2018 Short List

We are very pleased to announce the 2018 Stories of Life short list.

Tabor Open Stories of Life

21 Days by Liz Donald

A String of Beans by Gaynor Faulkner

An Angel to Watch Over Them by Megan Higginson

My friend Peter by Jeanette Grant-Thomson

That Boy of Mine by Molly Bennett

 

 

Eternity Matters Short Stories of Life

I was a Church Planter for the New Age Movement by Donna Albrecht

Miracle by Juni Desireé Hoel

More Precious than Cups and Saucers by Robynne Milne

Stolen but not Robbed by Beth Robertson

Under the Frangipani Tree by Ester de Boer

 

 

Lutheran Education Young Stories of Life

Breakneck Speed by Ethan Joppich

Finding a Home by Cleo B

Florence Fiasco by Yasmin Esther

One Blessed Cat by Chelsea Rose

When all Hope is Lost by Madeline Hains

Every story listed above will win either a first prize or a runner up prize. Results will be announced at the 2018 Stories of Life book launch.

Three Dummies in a Dinghy

& other Stories of Life

book launch invitation

Date: Thursday 29 November 2018

Time: 6:30pm for 7 pm start

Venue: Tabor Adelaide

All welcomed to this celebration of good writing and great stories. Click here to download a copy of the book launch invitation. Feel free to invite your family, friends and faith community. Copies of the anthology will be for sale on the night for $20.

Writers with a story published in the anthology will be able to buy up to two copies for the special price of $12 on the night. (All long listed stories will be published in the anthology.)

2018 Stories of Life Long List

All stories on the long list will be published in the 2018 Stories of Life anthology. Long listed stories are also in the running for a prize.
The shortlist will be announced on 31 October. We look forward to announcing this year’s winners at the book launch, which will be towards the end of November.
bright balloons
To those whose stories do not appear in today’s long list, we urge you not to lose heart and to avail yourself to our free writing resources and workshops next year. Continue telling and celebrating your stories of faith. A book has a limited number of pages, but there’s no limit to the number of stories of life we tell one another, stories that speak of hope and shape our world.

Tabor Open Stories of Life Long List

Glenda Austin – Still Giving from Heaven

Molly Bennett – That Boy of Mine

Lisa Birch – Paid in Full

Wendy Boniface – Epiphany in Fiji

Tsung Chung – The Year

Stella Fortunata Collins – Even in the Darkness, the Stars Still Shine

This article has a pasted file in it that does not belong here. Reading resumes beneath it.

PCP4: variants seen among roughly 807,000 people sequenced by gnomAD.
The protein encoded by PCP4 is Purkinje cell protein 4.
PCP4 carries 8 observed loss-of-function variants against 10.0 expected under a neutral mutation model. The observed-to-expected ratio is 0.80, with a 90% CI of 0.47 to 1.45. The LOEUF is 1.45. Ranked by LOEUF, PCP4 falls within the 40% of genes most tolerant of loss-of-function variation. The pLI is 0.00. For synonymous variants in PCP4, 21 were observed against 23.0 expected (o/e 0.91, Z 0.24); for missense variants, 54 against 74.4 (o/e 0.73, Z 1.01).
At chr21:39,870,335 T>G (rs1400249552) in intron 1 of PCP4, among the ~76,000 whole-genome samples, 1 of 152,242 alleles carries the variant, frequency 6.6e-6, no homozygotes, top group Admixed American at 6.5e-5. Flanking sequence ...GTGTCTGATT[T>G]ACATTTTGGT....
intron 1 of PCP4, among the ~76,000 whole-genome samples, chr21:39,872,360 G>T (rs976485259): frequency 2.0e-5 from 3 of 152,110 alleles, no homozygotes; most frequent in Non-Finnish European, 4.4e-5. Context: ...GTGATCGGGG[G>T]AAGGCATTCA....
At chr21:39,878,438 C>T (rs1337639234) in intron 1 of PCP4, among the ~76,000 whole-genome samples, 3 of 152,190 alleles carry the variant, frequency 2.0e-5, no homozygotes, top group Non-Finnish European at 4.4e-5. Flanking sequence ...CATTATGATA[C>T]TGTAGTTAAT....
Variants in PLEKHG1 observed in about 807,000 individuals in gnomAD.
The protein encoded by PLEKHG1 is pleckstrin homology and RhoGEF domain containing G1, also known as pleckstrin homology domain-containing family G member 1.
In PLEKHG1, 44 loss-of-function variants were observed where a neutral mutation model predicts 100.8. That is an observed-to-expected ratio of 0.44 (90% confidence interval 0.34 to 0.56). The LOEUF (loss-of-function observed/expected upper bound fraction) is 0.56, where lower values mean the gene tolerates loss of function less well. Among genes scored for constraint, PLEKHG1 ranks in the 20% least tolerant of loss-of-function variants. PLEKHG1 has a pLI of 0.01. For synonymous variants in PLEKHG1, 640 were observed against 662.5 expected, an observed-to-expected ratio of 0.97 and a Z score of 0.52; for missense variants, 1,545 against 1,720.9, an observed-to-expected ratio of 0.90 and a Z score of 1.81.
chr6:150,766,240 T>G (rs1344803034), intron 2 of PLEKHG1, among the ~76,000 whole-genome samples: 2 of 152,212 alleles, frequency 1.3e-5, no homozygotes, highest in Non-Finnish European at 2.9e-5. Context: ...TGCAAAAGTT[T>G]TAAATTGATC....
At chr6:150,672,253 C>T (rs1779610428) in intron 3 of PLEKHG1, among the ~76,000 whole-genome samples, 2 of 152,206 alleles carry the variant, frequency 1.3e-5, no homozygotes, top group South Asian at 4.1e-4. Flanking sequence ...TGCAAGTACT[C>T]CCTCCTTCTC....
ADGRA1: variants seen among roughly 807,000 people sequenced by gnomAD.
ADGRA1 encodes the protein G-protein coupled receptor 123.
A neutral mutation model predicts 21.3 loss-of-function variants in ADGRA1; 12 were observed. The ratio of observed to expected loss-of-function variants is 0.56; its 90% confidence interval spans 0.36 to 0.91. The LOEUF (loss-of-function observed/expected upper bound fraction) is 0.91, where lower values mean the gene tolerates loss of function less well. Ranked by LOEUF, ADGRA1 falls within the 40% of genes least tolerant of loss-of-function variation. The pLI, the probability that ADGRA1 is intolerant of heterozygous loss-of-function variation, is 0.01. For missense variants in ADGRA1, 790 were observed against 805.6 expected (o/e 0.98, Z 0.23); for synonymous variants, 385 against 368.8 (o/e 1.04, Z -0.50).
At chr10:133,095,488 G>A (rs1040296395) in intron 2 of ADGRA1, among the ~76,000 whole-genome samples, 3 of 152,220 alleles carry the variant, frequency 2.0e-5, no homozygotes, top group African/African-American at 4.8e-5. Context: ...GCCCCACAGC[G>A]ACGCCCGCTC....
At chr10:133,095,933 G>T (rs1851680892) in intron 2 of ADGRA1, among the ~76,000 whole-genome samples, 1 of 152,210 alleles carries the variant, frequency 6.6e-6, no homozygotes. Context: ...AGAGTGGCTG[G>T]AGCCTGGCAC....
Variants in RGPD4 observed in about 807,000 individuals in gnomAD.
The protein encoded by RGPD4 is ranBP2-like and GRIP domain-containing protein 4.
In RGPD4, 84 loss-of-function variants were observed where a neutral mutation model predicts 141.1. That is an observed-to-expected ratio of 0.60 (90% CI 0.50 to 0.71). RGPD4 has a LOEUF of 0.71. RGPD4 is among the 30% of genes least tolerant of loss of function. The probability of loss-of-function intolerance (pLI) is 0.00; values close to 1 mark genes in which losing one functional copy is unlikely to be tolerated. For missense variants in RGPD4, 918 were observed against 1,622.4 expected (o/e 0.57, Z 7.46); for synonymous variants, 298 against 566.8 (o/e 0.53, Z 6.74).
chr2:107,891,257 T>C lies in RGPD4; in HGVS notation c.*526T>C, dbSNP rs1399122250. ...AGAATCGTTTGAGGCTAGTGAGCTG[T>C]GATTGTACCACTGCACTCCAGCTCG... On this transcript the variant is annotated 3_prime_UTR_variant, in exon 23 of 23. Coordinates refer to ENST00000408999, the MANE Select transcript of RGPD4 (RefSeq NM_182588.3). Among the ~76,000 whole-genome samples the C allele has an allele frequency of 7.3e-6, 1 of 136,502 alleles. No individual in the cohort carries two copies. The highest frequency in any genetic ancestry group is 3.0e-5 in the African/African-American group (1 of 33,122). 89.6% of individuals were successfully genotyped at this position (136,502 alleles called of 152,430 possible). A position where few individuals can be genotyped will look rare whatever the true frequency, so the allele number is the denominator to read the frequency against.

Ester de Boer – Three Dummies in a Dinghy

Juni Desireé Hoel – Genius

Liz Donald – Twenty-one Days

Patricia Elder – Flawed

Gaynor Faulkner – A String of Beans

Liisa Grace-Baun – We Met on Strava

Jeanette Grant-Thomson – My Friend Peter

Megan Higginson – An Angel to Watch Over Them

June Hopkins – Footsteps in the Sea

Levin Lian – A Path in the Stars

Margot Ogilvie – Grab the Popcorn – God Saved Me

Yvonne Smuts – Skipping

Heidi Tai – Closing the Cultural Gap

Vickie Walker – Taking it All For Granted

Eternity Matters Short Stories of Life Long List

Donna Albrecht – I was a Church Planter for the New Age movement

Craig Chapman – Bird Man

Ester de Boer – Under the Frangipani Tree

Juni Desireé Hoel – Miracle

Adah Doebele – The Great Physician

John Alexander Duthie – Struggling with my Faith

Trevor Hampel – A Thin, Delicate Thread

Grant Lock – The Light. The Voice. The Music.

Tracey Meg – Wanna Swap?

Yvette Cusack – Always with Me

Robynne Milne – More Precious Than Cups and Saucers

Beth Robertson – Stolen but not Robbed

RJ Rodda – She Stood Up

Levi Schubert – A Realisation

Lutheran Education Youth Category Long List

Hannah Elliot – Love Doesn’t Age

Yasmin Esther – The Florence Fiasco

Madeline Hains – When All Hope is Lost

Brooke Joppich – Grandpa Really Nailed It

Ethan Joppich – Breakneck Speed

Chelsea Rose – One Blessed Cat

Cleo B – Finding a Home

 

Talk about range

We’ve been blessed with some great stories since we launched this competition in 2016. To demonstrate the range of topics that have been covered, we’re posting a sample here. We want to encourage you to write your story of faith and testimony. Quick! Submissions open for another six days only.